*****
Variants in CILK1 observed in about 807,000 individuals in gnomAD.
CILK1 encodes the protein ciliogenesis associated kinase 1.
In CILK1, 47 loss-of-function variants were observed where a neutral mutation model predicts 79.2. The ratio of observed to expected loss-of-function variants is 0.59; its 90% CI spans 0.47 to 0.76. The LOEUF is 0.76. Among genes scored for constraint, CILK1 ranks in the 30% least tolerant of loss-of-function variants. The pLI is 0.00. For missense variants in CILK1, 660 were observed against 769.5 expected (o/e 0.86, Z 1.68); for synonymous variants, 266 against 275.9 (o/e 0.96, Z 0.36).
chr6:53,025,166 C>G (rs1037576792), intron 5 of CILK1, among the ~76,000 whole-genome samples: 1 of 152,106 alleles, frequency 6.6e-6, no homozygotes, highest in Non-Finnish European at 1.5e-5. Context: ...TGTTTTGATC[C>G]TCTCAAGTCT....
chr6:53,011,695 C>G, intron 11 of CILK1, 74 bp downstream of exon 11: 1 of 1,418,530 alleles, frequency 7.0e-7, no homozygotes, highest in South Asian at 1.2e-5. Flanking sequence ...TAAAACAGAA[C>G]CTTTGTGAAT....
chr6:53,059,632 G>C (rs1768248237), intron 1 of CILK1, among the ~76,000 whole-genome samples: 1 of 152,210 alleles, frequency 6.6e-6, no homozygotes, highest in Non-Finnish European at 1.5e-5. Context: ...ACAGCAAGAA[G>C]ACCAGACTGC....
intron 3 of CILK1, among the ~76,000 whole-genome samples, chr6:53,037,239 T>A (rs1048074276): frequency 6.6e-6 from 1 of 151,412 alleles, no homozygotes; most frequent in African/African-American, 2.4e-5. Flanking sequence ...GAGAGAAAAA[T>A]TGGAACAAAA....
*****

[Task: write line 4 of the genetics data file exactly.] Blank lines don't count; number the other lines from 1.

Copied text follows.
chr6:53,025,166 C>G (rs1037576792), intron 5 of CILK1, among the ~76,000 whole-genome samples: 1 of 152,106 alleles, frequency 6.6e-6, no homozygotes, highest in Non-Finnish European at 1.5e-5. Context: ...TGTTTTGATC[C>G]TCTCAAGTCT....